Teaching a dog to spin in circles in both directions is another great trick for show dogs. Spin is often used in fitness programs for canine athletes as it can provide a gentle warm-up and stretch for the neck and spine. Slow spinning in circles can also help improve a dog’s body awareness and proprioception, which can lead to more thoughtful movement and stacking skills. As a skill for the show ring it can provide a structured outlet for some ring jitters. Young dogs, dogs who struggle with impulse control, or those with some pent up energy can often struggle with maintaining stillness. Providing a structured outlet for movement via a spin behavior can help them release that energy in a productive way thus reducing the likelihood of other “energy bursts” like barking or trying to move around on lead to visit neighbors. Since this skill is one of those “happy behaviors” it can also help keep that young dog focused on you instead of looking around for entertainment from other sources. Spins can also be used to help excite more low-key dogs. Increasing motion and jazzing them up can help them just before they get their chance to gait around the ring. In large breed rings or group rings when the judge has given permission for dogs and handlers to “relax”, go ahead and add in a few spins to the mix!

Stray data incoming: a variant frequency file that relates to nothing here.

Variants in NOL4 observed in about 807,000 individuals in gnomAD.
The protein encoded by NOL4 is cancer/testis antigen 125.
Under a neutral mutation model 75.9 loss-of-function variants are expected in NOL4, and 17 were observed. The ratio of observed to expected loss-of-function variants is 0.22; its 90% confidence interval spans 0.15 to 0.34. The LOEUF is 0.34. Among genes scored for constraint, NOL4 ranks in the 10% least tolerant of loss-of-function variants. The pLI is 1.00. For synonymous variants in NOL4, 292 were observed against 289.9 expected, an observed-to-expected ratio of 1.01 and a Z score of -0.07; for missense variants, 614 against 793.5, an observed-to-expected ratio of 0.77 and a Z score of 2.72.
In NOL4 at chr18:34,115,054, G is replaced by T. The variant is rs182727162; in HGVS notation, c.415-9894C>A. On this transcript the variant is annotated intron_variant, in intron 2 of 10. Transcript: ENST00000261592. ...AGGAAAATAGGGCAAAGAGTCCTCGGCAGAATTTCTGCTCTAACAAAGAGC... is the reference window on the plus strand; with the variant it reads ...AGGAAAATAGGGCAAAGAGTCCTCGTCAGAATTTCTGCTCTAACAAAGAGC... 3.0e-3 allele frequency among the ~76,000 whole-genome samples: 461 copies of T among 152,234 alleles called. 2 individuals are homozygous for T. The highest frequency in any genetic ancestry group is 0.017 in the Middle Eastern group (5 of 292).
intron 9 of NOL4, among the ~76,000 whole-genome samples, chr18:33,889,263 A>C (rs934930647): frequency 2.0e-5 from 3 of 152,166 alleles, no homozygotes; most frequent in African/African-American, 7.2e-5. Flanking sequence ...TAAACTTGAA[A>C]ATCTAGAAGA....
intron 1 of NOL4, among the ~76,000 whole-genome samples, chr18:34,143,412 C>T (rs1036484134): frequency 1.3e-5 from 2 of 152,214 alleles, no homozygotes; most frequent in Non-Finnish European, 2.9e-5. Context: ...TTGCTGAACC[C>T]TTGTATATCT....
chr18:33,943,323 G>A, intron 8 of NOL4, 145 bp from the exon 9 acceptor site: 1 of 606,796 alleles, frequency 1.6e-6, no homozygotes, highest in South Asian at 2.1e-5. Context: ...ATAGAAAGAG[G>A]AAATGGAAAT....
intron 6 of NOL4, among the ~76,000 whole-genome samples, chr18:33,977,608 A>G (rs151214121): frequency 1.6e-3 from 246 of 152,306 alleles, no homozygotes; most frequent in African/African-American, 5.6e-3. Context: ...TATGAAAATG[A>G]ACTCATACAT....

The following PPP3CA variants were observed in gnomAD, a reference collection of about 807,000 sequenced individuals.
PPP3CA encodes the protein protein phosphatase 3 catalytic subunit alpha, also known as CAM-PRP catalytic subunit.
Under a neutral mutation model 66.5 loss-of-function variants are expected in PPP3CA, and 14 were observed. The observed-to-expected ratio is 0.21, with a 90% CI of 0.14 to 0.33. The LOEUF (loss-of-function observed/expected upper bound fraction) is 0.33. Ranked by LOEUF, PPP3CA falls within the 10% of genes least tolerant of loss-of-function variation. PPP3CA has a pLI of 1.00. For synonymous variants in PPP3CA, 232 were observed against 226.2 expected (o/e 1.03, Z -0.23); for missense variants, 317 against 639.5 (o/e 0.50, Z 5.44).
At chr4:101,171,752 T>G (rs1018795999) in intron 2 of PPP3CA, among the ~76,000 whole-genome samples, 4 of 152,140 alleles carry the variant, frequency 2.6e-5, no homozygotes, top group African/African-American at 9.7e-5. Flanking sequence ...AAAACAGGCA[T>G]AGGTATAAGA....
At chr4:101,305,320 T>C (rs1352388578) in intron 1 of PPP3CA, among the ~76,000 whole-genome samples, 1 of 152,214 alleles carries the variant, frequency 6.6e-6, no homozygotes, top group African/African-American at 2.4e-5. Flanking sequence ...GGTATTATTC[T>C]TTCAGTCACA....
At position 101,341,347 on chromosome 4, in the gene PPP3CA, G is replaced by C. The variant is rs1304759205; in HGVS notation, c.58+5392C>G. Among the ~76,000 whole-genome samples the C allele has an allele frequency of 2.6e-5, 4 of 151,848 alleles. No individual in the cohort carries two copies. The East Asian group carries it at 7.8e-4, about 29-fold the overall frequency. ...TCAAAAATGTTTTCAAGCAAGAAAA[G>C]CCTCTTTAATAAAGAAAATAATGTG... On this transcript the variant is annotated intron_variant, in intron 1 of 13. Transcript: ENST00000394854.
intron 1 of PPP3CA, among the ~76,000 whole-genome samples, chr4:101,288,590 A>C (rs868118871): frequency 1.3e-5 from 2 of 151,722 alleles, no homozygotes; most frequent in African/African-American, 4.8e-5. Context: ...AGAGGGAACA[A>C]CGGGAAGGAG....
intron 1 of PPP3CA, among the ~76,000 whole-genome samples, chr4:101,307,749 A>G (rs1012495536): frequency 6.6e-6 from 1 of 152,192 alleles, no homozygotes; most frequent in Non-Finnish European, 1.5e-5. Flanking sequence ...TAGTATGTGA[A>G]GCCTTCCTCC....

Video Tutorial: https://www.youtube.com/watch?v=QK-cOTysEgM
Trick 3: Go to Mat/ Settle
Another favorite trick of mine is teaching dogs how to relax on cue. I personally teach the behavior of “settle” to signal to the dog to find their mat or towel and lay down. This cued relaxation is a great way to manage arousal levels in young dogs and help prevent them from becoming over stimulated. For our more quiet and even fearful dogs it can be hugely beneficial in providing structure. By giving them a visual signal on where they can relax and allowing them to use this known skill, you can use this reinforced behavior to help them build positive associations with the show environment and become more comfortable. Plus, having your clean and groomed dog relax on a towel is much better than the floor!
Video Tutorial: https://www.youtube.com/watch?v=HvXjKv5VcmY
Trick 4: Chin Rest
Another practical show dog skill is teaching a chin rest. This duration behavior involves teaching a dog to relax and rest their chin on a target. This target could be a pillow, like one used for grooming a Standard Poodle, or an easily transportable target like your hand! Chin rests can be used to help keep dogs still on the grooming table, to walk a dog through a crowd (with a moving chin rest), and can be cued before you lift their head to show bite during the exam. If your chin rest behavior includes duration and relaxation, you can also strategically utilize this skill to help reduce arousal in the ring by allowing your dog a moment to take a breath and rehearse a calm skill.